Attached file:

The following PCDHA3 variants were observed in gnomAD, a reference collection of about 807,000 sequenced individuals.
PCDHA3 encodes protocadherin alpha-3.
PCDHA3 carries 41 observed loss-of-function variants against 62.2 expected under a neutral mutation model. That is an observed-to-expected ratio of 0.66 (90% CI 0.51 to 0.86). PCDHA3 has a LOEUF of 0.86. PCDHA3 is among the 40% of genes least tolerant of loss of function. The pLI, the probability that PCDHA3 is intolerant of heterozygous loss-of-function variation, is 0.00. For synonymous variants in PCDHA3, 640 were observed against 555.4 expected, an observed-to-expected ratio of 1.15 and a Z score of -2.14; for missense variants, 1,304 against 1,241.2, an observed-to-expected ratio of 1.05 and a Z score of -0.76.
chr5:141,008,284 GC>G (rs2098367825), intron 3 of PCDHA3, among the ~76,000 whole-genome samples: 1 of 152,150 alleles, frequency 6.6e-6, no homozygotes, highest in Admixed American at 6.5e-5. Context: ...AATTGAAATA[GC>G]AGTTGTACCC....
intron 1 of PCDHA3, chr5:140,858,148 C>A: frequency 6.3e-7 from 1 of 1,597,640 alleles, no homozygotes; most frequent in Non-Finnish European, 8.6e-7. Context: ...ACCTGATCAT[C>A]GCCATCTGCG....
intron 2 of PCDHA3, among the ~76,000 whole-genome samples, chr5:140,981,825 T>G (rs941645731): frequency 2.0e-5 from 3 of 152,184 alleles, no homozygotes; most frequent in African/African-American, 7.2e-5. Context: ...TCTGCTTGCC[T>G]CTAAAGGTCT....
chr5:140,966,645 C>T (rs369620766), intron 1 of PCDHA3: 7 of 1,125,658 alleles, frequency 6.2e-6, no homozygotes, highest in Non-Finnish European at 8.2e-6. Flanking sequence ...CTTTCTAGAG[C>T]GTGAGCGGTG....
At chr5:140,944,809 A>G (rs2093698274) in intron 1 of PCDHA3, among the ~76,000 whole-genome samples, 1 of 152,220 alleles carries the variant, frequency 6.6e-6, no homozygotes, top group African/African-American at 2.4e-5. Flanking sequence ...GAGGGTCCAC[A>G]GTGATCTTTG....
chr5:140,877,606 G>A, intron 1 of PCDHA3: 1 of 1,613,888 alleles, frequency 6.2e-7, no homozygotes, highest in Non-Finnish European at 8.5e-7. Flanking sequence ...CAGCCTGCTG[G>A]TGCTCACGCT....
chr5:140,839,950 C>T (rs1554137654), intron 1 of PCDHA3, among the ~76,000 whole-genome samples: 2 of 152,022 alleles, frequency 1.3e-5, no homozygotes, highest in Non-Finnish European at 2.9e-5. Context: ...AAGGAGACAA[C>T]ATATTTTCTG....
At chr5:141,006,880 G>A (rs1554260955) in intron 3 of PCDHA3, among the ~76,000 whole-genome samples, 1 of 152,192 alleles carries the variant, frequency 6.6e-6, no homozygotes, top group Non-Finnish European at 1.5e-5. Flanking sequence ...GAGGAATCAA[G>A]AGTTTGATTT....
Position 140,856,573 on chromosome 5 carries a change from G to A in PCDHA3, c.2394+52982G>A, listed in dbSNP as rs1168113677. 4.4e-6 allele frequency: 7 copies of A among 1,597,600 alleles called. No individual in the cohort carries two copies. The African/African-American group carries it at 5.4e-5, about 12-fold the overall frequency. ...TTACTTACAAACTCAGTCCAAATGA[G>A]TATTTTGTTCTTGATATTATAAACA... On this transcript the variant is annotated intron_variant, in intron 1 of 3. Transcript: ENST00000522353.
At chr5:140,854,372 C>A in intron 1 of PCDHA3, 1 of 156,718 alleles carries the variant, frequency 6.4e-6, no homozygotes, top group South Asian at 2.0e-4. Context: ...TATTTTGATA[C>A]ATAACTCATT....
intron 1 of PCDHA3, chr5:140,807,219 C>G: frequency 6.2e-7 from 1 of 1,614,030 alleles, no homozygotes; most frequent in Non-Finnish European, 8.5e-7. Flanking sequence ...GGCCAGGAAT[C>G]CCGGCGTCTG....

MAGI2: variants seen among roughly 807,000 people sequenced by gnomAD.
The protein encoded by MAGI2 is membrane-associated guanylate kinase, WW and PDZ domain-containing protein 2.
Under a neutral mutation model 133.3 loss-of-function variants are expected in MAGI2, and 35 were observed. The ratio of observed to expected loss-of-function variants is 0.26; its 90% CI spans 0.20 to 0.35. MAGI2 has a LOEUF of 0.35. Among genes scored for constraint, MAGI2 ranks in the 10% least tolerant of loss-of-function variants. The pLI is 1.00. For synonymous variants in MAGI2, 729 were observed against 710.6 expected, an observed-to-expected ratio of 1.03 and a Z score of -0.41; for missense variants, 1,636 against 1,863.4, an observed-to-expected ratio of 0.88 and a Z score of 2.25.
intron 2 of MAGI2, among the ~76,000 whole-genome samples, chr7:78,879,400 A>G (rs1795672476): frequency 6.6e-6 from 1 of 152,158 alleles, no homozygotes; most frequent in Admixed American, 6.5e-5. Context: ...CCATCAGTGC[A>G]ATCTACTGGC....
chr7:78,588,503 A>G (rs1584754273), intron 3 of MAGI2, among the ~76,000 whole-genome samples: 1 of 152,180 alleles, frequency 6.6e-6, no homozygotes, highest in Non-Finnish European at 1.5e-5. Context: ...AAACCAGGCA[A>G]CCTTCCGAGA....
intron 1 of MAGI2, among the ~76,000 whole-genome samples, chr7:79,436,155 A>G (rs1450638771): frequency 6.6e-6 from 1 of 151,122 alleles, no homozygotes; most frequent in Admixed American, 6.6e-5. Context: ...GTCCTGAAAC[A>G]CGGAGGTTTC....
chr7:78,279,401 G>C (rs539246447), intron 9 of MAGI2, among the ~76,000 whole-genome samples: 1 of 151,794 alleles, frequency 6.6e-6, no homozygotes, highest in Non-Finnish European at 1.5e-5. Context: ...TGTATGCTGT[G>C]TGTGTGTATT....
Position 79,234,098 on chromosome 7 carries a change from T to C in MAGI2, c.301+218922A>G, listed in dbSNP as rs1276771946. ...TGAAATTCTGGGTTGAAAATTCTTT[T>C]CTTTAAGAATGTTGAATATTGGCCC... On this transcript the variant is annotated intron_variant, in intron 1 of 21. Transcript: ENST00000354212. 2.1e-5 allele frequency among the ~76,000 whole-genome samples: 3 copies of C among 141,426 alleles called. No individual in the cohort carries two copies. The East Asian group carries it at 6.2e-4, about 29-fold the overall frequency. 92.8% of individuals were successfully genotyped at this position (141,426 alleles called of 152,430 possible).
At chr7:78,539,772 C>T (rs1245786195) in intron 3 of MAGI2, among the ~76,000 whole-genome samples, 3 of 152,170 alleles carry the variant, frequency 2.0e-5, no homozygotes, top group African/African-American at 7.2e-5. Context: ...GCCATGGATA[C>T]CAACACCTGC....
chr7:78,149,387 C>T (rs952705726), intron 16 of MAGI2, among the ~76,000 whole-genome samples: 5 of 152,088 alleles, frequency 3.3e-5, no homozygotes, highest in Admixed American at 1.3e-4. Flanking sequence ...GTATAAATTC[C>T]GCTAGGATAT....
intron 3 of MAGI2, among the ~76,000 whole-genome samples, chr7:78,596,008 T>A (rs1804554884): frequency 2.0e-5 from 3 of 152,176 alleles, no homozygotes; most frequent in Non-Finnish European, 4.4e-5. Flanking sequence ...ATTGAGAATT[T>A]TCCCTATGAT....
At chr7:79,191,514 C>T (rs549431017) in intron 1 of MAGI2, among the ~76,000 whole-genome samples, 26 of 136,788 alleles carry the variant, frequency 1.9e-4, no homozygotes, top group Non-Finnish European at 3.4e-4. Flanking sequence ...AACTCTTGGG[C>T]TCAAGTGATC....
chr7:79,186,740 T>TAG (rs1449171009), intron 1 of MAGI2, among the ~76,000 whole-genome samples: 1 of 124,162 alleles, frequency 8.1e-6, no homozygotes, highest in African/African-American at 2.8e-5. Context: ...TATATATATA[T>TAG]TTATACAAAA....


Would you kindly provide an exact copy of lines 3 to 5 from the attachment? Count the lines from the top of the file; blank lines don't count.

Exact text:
PCDHA3 carries 41 observed loss-of-function variants against 62.2 expected under a neutral mutation model. That is an observed-to-expected ratio of 0.66 (90% CI 0.51 to 0.86). PCDHA3 has a LOEUF of 0.86. PCDHA3 is among the 40% of genes least tolerant of loss of function. The pLI, the probability that PCDHA3 is intolerant of heterozygous loss-of-function variation, is 0.00. For synonymous variants in PCDHA3, 640 were observed against 555.4 expected, an observed-to-expected ratio of 1.15 and a Z score of -2.14; for missense variants, 1,304 against 1,241.2, an observed-to-expected ratio of 1.05 and a Z score of -0.76.
chr5:141,008,284 GC>G (rs2098367825), intron 3 of PCDHA3, among the ~76,000 whole-genome samples: 1 of 152,150 alleles, frequency 6.6e-6, no homozygotes, highest in Admixed American at 6.5e-5. Context: ...AATTGAAATA[GC>G]AGTTGTACCC....
intron 1 of PCDHA3, chr5:140,858,148 C>A: frequency 6.3e-7 from 1 of 1,597,640 alleles, no homozygotes; most frequent in Non-Finnish European, 8.6e-7. Context: ...ACCTGATCAT[C>A]GCCATCTGCG....